Feelings about sayote PLUS KimCHI SALAD Recipe

Chunky Veggie Bolognese

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CHUNKY VEGGIE BOLOGNESE . Quick healthy meals can be challenging if you’re mostly stuck in traffic (hello, Christmas!) so weekend meal preparation can help a lot specially for those who find cooking a stress relief or even meditative. Here is a quick pasta recipe if you’ve chosen to batch cook the All-Purpose Chunky Veggie in large quantity and frozen them. (I fill my muffin tray, see 2nd pic for technique, half-freeze the batch and place in bigger containers so I have them in smaller portions. I discovered this makes it easier to manage—I am able defrost few pieces of smaller portions faster and only when I need them and not have to defrost a whole big batch to use just a portion) . Serve with your favorite pasta. It also works on rice and other grains. (Karla) . . 1 1/2 cups All-Purpose Chunky Veggie* 700 ml tomato sauce 1 tsp dried chili flakes or (if you’d like a little bit of heat) Salt and pepper 400 grams pasta of choice, cooked according to package directions Nutritional Yeast (optional) 1. In a skillet, warm the tomato sauce. When bubbles of air begin to pop, lower the heat and add in the chunky veggie. Simmer for about 2 minutes or until vegetables are warm. 2. Season to taste. 3. Serve pasta in a plate or a bowl with sauce on top. Sprinkle with nutritional yeast. *If you’ve frozen the Chunky Veggie, take down from the freezer to the fridge a night before cooking. You can increase the amount of Chunky Veggies in your sauce (some like more vegetables, some like more tomato sauce). . #vegan #whatveganseat #veganfoodshare #vegansofig #plantpowered #plantstrong #plantpusher #plantbased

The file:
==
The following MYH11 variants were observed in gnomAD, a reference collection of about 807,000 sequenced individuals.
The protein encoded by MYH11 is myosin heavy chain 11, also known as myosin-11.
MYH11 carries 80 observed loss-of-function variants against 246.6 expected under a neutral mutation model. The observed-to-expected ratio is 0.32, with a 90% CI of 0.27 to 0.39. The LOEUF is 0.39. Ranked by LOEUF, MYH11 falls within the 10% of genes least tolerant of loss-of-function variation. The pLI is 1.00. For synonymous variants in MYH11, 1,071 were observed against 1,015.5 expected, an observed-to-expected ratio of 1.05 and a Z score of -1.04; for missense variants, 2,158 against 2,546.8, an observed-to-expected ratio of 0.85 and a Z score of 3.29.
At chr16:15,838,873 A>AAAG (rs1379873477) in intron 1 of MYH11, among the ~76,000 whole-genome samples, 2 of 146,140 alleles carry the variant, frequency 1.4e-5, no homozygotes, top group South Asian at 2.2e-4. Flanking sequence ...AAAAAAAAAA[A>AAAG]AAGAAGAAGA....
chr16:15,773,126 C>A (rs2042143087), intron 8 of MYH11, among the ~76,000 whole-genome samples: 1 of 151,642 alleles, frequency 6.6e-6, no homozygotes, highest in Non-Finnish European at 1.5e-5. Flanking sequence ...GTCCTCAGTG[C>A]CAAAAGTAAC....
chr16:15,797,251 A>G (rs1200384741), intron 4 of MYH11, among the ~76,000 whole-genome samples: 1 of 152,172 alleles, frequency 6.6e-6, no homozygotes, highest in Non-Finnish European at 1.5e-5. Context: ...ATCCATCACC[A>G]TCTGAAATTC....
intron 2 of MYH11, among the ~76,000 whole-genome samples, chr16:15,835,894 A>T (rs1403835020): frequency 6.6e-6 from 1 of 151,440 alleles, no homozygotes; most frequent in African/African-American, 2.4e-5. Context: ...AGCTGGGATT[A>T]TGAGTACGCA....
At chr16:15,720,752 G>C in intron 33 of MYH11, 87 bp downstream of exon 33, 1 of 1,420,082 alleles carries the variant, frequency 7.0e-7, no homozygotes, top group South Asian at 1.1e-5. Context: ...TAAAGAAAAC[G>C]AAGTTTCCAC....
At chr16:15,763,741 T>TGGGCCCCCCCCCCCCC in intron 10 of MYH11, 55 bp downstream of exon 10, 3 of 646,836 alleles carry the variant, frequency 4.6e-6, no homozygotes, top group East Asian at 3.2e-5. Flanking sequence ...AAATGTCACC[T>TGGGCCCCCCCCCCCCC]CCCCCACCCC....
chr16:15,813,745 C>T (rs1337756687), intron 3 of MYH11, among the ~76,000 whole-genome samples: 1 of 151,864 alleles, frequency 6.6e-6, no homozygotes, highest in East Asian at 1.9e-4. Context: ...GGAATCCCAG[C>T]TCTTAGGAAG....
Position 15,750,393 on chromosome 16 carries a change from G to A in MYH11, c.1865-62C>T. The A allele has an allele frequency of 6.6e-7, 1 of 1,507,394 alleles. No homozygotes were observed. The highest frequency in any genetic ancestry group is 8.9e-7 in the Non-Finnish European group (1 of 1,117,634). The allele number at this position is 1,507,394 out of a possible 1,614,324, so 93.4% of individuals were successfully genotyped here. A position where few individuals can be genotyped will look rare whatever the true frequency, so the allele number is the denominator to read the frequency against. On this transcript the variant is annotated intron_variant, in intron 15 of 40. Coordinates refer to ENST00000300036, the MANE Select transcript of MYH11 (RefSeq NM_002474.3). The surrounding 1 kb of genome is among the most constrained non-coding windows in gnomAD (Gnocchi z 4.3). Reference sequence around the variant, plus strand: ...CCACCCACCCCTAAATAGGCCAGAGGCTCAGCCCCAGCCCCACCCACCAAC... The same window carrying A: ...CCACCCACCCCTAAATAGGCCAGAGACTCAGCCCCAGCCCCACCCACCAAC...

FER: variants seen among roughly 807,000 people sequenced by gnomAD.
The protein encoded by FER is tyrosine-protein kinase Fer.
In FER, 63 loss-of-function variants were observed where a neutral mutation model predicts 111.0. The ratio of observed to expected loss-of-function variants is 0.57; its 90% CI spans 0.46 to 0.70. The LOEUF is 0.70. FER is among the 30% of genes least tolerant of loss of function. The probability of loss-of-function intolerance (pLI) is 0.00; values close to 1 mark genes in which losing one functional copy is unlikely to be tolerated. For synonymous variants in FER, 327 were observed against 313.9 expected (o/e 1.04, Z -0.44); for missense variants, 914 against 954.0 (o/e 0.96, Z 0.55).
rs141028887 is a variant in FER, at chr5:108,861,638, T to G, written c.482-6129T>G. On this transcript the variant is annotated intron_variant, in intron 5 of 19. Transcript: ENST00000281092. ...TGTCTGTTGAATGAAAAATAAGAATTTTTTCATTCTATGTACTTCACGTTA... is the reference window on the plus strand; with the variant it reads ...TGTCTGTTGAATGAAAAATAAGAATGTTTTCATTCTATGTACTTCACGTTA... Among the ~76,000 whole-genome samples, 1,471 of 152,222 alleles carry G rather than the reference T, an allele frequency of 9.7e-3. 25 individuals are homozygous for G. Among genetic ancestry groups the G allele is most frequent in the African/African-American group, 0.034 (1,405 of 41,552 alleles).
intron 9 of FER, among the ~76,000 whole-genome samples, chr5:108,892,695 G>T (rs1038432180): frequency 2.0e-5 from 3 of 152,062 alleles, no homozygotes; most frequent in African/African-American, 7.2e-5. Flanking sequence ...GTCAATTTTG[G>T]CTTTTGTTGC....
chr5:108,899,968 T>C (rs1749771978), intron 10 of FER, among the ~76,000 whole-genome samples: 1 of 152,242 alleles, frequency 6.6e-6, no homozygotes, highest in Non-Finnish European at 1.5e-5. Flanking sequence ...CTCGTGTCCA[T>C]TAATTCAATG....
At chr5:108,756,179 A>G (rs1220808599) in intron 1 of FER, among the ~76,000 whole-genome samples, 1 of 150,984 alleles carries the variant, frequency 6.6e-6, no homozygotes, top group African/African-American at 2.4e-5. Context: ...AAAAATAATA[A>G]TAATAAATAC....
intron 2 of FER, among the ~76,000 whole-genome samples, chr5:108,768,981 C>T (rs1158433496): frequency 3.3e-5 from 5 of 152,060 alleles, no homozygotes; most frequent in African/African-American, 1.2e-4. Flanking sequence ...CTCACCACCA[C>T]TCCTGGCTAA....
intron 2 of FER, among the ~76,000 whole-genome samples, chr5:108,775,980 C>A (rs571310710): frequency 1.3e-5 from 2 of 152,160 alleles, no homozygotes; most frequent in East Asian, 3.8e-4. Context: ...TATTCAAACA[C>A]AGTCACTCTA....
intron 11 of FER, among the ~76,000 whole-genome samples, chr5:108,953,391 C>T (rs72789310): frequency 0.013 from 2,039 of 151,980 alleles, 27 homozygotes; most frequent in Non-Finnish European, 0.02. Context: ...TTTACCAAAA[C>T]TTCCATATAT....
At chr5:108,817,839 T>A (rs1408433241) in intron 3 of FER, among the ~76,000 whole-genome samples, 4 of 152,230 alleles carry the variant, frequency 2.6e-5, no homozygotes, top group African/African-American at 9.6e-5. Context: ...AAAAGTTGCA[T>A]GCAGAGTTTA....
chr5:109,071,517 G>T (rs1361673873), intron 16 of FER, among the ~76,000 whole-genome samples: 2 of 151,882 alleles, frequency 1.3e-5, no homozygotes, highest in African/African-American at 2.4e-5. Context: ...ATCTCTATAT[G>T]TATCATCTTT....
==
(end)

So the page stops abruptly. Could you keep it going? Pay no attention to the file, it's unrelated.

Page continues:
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Cabbage Sayote Salad

by Asha Peri

3 green cabbage
2 pcs. sayote
1 PC. pomelo
3 pcs. red radish
cilantro
1/2 cup cashews
6 pcs. shallots, fried in coconut oil (optional)

DRESSING: 1/4 CUP EACH
1/2 cup tahini
3/4 cup water
4 T sugar
1/2 t salt (or less)
2 T coconut aminos
1/8 t bird’s eye chili

A Meditation on Vegetables

by Asha Peri

A most productive and meditative morning spent interacting with all the veggies from Good Food Community‘s tampipi. Subscribing to a CSA (Community-Supported Agriculture) basket means that you let go of expectations and you trust that nature will give what is good for you because your veggies are harvested in perfect timing. What you can expect though are an assortment of bahay kubo veggies and those lovely leeks:) When we subscribe to this way of procuring our produce, we don’t force nature to work harder just because we need something in our menu that is out of season. Yes, you never really know what you’ll get until you open your basket! This week’s harvest has given us a lot of GREENS! These leafy greens and veggie fruits perish easily so it’s wise to use them immediately.

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These photos are a glimpse of my intuitive process in the kitchen – I chop everything first then I figure out what to do with them (this means no one should talk to me while cooking). Sometimes I already have something in mind but planning takes more time so it’s good to patiently cultivate a more intuitive cooking process which takes less effort over time as one develops a deeper connection with food. Since I anticipated that I won’t be able to cook tomorrow because of the Thai class, I made several dishes to last me and mom until tomorrow’s dinner.